Listen to Your Heart
A Heart-to-Heart About Hearts
by Hank Trout
My husband Rick has been on a diet for a month. He joined one of those online programs that helps him plan low-calorie low-fat meals, tracks his caloric intake, and sends him positive inspirational memos, cheering him on. He’s lost eighteen pounds so far, and I couldn’t be prouder of him or happier.
Aesthetics had nothing to do with Rick’s decision to diet. Frankly, I think his “dad bod” gets sexier by the day! No, his was not an ego-driven decision based on “looks.” It was a medical decision. On the cusp of sixty years of age, Rick has entered that time of life when carrying excess belly fat can cause all sorts of medical problems. And so I heartily applaud his decision to diet.
By “belly fat,” I’m not referring to the soft layer of subcutaneous fat right under the skin, the pinch-an-inch kind of fat. Belly fat, aka visceral fat, lies deep inside the torso, packing in tight around the abdominal organs (liver, intestines, and stomach). Carrying too much belly fat puts us at risk of developing high blood pressure, Type 2 diabetes, stroke, and migraines. According to a study in 2010, published in the Annals of Neurology, excess belly fat may make our brains shrink and boost our risk of Alzheimer’s Disease and other forms of dementia.
Perhaps the most worrisome effect of excess belly fat is that it increases the risk of dying of heart disease or a heart attack. According to a study published in the December 15, 2015 Annals of Internal Medicine, even if you’re not technically “overweight,” your “spare tire” (known as central or abdominal obesity) puts you at higher risk of dying of heart disease, regardless of the presence of other factors such as smoking and diabetes. Further, if you’ve survived one heart attack, your belly fat increases your risk of a second, more severe attack.
Maybe we need to rethink the whole “dad bod” thing.
We long-term HIV/AIDS survivors should especially take this information to heart (no pun intended). We already know that our bodies age faster than our HIV-negative counterparts. Ravaged by the attacks of the virus on our immune systems and the insidious effects of some of the medications we’ve taken since 1996, our bodies are more susceptible to osteoporosis, bone loss and frailty, Hepatitis C and other diseases of the liver, balance issues that lead to crippling falls, kidney malfunction, premature hearing loss, blindness due to CMV infection, diabetes, cancer, leukemia, dementia, and of course heart disease. According to a 2018 study published by the Health Resources and Services Administration, HIV/AIDS Bureau (HRSA), we long-term HIV/AIDS survivors are at higher risk for coronary artery disease, hypertension, myocardial fibrosis, congestive heart failure, cardiac tumors, and ischemic stroke. To put it bluntly, as early as 2009 the National Institutes of Health had determined that “Patients on HAART therapy have a 26% increased relative risk of a myocardial infarction”—i.e., a heart attack—some twelve to fifteen years earlier than our HIV-negative friends.
If we long-term survivors ignore the warnings about the effect of belly fat on our hearts, we do so at our peril.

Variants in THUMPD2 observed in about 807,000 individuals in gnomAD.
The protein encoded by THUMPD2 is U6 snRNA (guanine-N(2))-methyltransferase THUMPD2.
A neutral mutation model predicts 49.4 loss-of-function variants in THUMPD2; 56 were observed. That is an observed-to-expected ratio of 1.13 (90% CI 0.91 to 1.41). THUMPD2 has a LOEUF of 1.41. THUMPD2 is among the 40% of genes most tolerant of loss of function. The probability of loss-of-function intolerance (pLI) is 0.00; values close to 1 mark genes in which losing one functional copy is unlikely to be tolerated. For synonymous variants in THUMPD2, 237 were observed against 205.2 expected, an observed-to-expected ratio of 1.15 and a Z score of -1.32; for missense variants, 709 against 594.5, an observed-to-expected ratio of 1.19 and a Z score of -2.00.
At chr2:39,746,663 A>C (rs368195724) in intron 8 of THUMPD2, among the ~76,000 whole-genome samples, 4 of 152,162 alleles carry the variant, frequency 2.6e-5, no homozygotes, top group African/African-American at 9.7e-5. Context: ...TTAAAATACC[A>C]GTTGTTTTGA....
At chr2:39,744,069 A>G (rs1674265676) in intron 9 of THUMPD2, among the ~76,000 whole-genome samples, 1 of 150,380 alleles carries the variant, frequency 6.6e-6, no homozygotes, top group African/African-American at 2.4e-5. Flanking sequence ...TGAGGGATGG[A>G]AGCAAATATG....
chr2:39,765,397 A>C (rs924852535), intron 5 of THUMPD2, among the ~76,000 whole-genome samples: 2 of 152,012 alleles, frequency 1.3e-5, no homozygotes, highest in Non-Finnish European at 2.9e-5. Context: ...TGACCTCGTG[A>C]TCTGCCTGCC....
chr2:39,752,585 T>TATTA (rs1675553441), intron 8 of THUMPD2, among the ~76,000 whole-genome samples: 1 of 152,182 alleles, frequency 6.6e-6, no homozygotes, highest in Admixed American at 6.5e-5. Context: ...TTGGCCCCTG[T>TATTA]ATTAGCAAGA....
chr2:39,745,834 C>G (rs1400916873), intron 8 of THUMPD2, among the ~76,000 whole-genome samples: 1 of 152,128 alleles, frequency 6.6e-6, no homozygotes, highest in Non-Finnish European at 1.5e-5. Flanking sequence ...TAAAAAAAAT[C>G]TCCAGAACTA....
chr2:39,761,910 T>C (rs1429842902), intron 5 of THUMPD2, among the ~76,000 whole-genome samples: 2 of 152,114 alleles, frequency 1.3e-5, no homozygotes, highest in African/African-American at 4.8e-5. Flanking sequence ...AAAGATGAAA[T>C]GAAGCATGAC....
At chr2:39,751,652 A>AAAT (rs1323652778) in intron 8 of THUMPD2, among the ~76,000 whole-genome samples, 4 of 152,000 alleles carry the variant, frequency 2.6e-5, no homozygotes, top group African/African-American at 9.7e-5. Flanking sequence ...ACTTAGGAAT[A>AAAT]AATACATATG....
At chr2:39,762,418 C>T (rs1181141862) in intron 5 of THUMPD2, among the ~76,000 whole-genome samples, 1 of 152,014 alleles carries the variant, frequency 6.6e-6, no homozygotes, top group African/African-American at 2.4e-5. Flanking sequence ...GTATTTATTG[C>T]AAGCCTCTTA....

Heart health issues have been on my mind since I was five years old. Literally. You see, I was born with a malformed heart—the valves leading into my heart were too large, the valves leading out were too small, and as a result my heart was swelling inside me, crowding other organs and rubbing against my ribcage, which caused small holes in the lower chamber of my heart. The only remedy was a very experimental and very risky surgery——the procedure had been tried only twice before, and both kids died during the operation. I was the third child to undergo this particular kind of open-heart surgery (and I have the 13-inch-long scar to show for it). I remember as clearly as if it had happened yesterday hearing Dr. John Effler, the surgeon, tell my parents—with me sitting right there taking it in—“Even if the surgery is successful, your son is going to die before he’s fifteen.”
That was only the first of many death sentences I’ve outlived.
A couple years ago, I was rushed to the E.R. with all the classic signs of a heart attack. The signs were wrong, fortunately, but the incident scared the bejeebus out of me. During a follow-up visit to the doctor, one of the nurses did a sonogram examination of my heart. As I lay there, clutching Rick’s hand, watching my heart beat on the screen and simultaneously feeling every thumpa-thump it made, I remembered Dr. Effler and his prognosis, his death sentence pronounced over a terrified five-year-old, and I cried. You poor old battered thing, I thought, looking at my heart, thank you.
So when Rick announced that he was going on a diet to get rid of his belly fat, I was very happy. One of my greatest joys in life for the last two decades has been lying down with Rick and putting my ear to his chest and listening to the strong, rhythmic beat of his heart. Listening to his heartbeat calms me down, transports me to a quieter, saner, safer place.
Listen to your own heart. And take care of it.
Hank Trout, Senior Editor, edited Drummer, Malebox, and Folsom magazines in the early 1980s. A long-term survivor of HIV/AIDS (diagnosed in 1989), he is a forty-year resident of San Francisco, where he lives with his husband Rick.